Distance concierge medicine: telemedicine connects US doctors to Chinese patients

Another ‘burden shift’ in medical care. As we in the US wrestle with the issues of telemedicine, cross-state consults, and payment parity, companies are finding a niche in cross-border international virtual consults. A startup in NYC, Docflight, now connects Chinese patients to a claimed several hundred US doctors from prestigious medical centers: Dana-Farber Cancer Center, NYU Langone, Brigham and Women’s Hospital, Massachusetts General, New York-Presbyterian, and others. Founded by Sally Wang, an attorney with a MPH, she developed the idea after negotiating the US healthcare system for her mother with breast cancer and considering how difficult it would be in China to do the same.

The patients pay an upfront fee of about $2,000 in what is essentially long-distance concierge medicine. Docflight first screens the patient, then recommends an appropriate specialist. Once matched, Docflight collects the patient’s medical records (machine translated then human reviewed) and schedules the consult time. The US doctor then advises their Chinese patient on health issues and performs a virtual visit, often with an attending Chinese doctor, and offers recommendations for treatment in an average 45 minute session. The doctors cannot prescribe, perform treatments or procedures. 

China has a burgeoning middle class and an aging population, which in combination with the hospital-based system of care in China means that individual patients receive little time with a physician, don’t have a personal relationship with one or more doctors, and don’t expect much of a personal relationship with their doctor. Their government is trying to swing the balance to a primary care model, but with 1.4 bn people that will take awhile. Telehealth and remote patient monitoring is one avenue being explored [TTA 12 Oct 16] but for acute care, a different model is needed. For the Chinese middle class, Docflight is an alternative to medical tourism, a time-tested safety valve for the affluent commonplace for patients from Canada, Latin America, the Middle East, and Asia to international medical centers, though Docflight will arrange such trips to the US.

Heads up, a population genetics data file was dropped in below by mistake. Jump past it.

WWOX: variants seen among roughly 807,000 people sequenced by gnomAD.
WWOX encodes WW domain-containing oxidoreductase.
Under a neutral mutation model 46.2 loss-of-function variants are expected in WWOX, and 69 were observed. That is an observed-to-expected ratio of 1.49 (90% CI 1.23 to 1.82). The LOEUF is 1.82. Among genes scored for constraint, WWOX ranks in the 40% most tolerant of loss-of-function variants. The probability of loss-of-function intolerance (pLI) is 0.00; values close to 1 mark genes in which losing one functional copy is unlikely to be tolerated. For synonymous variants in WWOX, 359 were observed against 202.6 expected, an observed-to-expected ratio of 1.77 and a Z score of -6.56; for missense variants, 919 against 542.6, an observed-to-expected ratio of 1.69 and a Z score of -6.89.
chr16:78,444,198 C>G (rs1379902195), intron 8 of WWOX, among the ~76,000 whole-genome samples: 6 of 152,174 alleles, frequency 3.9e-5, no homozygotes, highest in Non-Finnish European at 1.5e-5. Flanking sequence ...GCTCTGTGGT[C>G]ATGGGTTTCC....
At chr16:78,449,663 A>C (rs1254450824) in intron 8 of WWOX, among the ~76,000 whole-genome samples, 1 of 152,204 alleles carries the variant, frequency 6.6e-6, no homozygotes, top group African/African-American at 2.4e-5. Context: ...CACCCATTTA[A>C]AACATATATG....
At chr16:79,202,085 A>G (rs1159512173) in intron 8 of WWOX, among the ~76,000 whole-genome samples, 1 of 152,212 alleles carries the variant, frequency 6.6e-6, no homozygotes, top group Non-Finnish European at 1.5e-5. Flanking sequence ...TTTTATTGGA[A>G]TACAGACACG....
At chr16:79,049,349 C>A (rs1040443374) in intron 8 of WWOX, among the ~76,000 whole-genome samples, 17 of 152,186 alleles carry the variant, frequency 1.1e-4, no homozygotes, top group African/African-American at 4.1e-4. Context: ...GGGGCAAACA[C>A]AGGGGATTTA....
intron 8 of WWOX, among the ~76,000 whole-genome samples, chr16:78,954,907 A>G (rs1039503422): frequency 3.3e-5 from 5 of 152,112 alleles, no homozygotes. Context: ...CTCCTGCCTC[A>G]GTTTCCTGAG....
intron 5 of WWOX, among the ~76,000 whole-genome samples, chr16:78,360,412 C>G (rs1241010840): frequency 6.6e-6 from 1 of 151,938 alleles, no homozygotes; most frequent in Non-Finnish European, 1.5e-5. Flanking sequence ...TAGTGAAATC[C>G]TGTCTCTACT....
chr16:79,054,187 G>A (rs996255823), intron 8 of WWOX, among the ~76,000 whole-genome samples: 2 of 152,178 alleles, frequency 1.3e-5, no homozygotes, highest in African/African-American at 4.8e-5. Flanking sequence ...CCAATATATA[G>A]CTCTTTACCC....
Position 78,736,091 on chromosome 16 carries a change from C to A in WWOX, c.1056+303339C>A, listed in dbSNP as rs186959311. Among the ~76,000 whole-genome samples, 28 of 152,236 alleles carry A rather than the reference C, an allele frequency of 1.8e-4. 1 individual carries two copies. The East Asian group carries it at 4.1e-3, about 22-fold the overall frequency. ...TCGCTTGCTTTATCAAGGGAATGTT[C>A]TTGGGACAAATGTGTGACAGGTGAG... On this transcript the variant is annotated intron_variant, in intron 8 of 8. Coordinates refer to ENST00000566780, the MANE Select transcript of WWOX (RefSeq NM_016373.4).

It’s reasonable that healthcare crosses borders to increase access and overcome language barriers. We’ve previously profiled Mexico’s Salud Interactiva, which provides telephonic consults within the country plus select services through partners ConsejoSano (US) and Konsulta MD (Philippines) [TTA 16 Aug]. Dictum Health, an early-stage health tech company dual-headquartered in Dubai and Oakland, Calif., provides telehealth/telemedicine services long-distance to clinics in Costa Rica, refugee camps in Jordan, and oil rigs [TTA 19 Sep]. Crossing borders to burden-shift care and using technology to facilitate it is a trend to watch for in 2018. NBC News (video)Bold Global Media (video)Crunchbase  Hat tip to reader Jeanmarie Tenuto of Healthcare Technical Solutions.

Better’s fast fail, ending health assistance service 30 Oct

[grow_thumb image=”http://telecareaware.com/wp-content/uploads/2015/10/Better.png” thumb_width=”150″ /]Better is sadly not. This two-year old service that provided personal health assistance, including a real, live health assistant, to guide members through health questions, the thickets of insurance claims, finding doctors and specialists, apps and more, announced earlier this week that it was ending operations as of 30 October. While it was announced via their Twitter feed on Tuesday, most of the industry learned of it through Stephanie Baum’s article in MedCityNews today. Better formally debuted only 16 months ago [TTA 23 Apr 14] and at the time this Editor felt that it was a service in the right direction, a kind of ‘concierge medicine for the masses’ needed when individuals have to direct more and more of their own care.

A solid start, as our Readers have seen, does not guarantee success, but this fast fail is still fairly shocking. A concern at the time was the pricing for the full service model at $49/month, which later became the family price (individuals were $19.99/month). CEO/co-founder Geoff Clapp was among the most Grizzled of Health Tech Pioneers; he had been a co-founder of Health Hero/Health Buddy from 1998 to its sale to Bosch Healthcare, a very long pull in telehealth, and he had spent much of his post-Health Hero time generously advising other startups. Yet despite the involvement of blue chip Mayo Clinic as a service provider, its financial backing from their investment arm and socially-oriented VC Social+Capital Partnership, it managed to raise only its initial seed funding of $5 million (CrunchBase).

So what happened? (more…)